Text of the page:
As a peer assessment tool, a rubric with 3 levels of performance was provided to groups: students of each group had to report their observations on the third one based on the role taken in the group (building, programming or measuring).

In further problem solving tests, students had to apply math contents connected to the activities, in order to evaluate their comprehension of the properties involved.

In oral tests, students had to explain the activities using their own description of the working phases, measured data and conclusions, in order to assess communication and reflection skills. Presentations prepared in this phase were also a useful trial for the finale exam.

This activity has given students the opportunity to explore math in active and collaborative situations, and to develop further skills besides mathematical reasoning: problem solving in a real-world context, critical thinking, and cooperation in team working.

students questionnaire 1
students questionnaire 2

roBOtour: animated city guide made with models, mBot and Makey Makey

school: IC21 Bologna, club Girls Code it Better

dates: november 16, 2021-may 7, 2022

Girls Code it Better” is a national initiative aimed to reduce the gender inequality in STEM studies and careers. The project has been active since 2015 and this year 82 schools are involved.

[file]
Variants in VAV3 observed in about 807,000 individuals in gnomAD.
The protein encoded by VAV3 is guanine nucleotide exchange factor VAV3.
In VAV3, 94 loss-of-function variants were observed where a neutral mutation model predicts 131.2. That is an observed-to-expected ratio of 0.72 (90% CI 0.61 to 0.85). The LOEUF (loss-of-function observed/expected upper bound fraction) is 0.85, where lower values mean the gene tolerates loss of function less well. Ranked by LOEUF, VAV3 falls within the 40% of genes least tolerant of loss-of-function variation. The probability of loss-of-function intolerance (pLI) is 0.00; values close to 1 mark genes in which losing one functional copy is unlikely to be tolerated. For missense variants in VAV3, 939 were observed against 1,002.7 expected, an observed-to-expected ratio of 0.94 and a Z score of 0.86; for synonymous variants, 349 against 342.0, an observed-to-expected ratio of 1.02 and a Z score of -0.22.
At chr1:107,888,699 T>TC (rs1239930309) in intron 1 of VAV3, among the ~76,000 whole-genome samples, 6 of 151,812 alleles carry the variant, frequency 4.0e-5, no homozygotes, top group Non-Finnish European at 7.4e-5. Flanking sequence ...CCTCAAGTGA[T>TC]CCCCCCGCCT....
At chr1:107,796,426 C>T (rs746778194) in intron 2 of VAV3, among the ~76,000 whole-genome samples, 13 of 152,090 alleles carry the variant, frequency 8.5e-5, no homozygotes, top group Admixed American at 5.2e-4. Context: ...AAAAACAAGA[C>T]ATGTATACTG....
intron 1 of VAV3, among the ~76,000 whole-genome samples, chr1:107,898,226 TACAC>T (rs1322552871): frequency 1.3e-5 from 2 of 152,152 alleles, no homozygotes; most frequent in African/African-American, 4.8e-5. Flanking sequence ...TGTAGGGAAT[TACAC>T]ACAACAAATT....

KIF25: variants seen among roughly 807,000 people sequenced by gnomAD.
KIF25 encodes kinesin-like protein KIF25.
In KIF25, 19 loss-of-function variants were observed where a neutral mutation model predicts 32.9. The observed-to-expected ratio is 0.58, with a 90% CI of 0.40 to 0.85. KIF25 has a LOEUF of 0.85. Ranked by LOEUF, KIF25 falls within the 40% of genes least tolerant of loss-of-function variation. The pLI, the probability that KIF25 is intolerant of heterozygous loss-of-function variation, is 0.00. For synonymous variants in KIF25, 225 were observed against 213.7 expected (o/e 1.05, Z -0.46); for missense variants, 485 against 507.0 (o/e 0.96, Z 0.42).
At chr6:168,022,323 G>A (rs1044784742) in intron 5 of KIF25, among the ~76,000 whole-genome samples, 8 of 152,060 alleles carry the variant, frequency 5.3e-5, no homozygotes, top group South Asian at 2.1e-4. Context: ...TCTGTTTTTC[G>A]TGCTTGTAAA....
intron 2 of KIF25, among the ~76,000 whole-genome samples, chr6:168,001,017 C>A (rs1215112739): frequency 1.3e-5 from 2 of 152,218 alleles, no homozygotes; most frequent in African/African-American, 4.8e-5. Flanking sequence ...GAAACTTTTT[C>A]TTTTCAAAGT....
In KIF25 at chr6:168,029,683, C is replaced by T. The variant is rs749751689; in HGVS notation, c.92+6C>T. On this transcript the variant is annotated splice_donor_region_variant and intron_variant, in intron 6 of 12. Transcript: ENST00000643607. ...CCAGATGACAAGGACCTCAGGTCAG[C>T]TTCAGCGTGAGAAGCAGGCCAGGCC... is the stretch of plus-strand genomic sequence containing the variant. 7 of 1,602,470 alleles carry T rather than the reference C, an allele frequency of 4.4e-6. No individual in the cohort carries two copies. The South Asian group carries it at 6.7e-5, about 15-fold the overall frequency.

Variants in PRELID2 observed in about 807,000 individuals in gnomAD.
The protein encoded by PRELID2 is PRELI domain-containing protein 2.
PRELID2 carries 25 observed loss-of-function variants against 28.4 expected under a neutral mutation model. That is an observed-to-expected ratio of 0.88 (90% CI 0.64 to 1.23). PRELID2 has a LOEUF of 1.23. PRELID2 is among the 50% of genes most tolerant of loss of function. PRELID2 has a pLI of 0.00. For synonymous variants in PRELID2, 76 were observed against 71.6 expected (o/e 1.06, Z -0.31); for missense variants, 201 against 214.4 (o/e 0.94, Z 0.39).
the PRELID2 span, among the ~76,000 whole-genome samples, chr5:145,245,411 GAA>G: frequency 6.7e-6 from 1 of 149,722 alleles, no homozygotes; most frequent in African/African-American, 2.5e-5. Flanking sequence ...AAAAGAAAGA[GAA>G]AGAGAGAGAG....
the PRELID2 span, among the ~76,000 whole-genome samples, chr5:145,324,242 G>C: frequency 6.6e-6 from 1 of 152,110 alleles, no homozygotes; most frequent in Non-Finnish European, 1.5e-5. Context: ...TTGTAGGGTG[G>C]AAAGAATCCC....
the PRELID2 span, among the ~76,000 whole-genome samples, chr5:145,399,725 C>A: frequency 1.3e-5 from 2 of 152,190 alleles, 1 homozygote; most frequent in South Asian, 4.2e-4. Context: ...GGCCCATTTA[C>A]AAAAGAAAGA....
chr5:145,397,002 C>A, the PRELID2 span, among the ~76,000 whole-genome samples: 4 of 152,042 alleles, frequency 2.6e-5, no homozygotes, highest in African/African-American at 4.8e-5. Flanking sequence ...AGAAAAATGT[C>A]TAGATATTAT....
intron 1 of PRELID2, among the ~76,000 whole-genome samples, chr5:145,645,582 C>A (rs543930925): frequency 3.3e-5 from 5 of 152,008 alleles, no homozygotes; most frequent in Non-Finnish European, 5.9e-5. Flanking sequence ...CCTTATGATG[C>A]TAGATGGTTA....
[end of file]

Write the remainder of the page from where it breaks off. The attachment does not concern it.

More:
When students are in the age range from 11 to 13, their future career choice may be supported by an experience that encourages them to approach STEM studies with more self-confidence. This is why the project addresses girls in the early years of secondary school, and engages them in science and technoogy active learning.

Each school has its own “Girls Code it Better” club, and up to 20 girls can participate; they meet together at school once a week, and develop a project based learning activity based on STEM.

The girls club must carry on their project, from idea to product, in a complete project based learning cycle; each participant takes a role in the project management, depending on their interests and skills, in a cooperative environment; at the end they present their work in a national event and in local school events. 

IC 21 girls code it better club

In the first phase they started exploring the school’s lab equipment, guided by a teacher and a professional maker: 

  • how to program a mBot with mBlock
  • how to make circuits with Makey Makey boards programmed by Scratch
  • how to design 3D models with Tinkercad

In the second phase they discussed what to do with these tools, preparing charts to explain their proposals in detail. The ideas must be selected taking into account their feasibility, time and resources needed. 

The club agreed for  a city guide for kids, animated by Scratch, inspired by the “city red bus” tour of Bologna.

ideas for the project

A group of students took the role of programmers and prepared the Scratch scripts that explain history and curiosities about 10 points of interest in the city. 

After programming the single scripts, they have been added into two Scratch projects run by two Makey Makey boards. Each board controls 5 Scratch animations. Their connections are in the following sketches:

links for Scratch projects run by board 1
links for Scratch projects run by board 2

The Scratch projects run by the two makey makey boards are published  in the Scratch website at this link:

https://scratch.mit.edu/projects/667700972 makey makey board 1

https://scratch.mit.edu/projects/667712780 makey makey board 2

The gallery with all Scratch projects of the club is club 2021-2022 – Scratch Studio (mit.edu)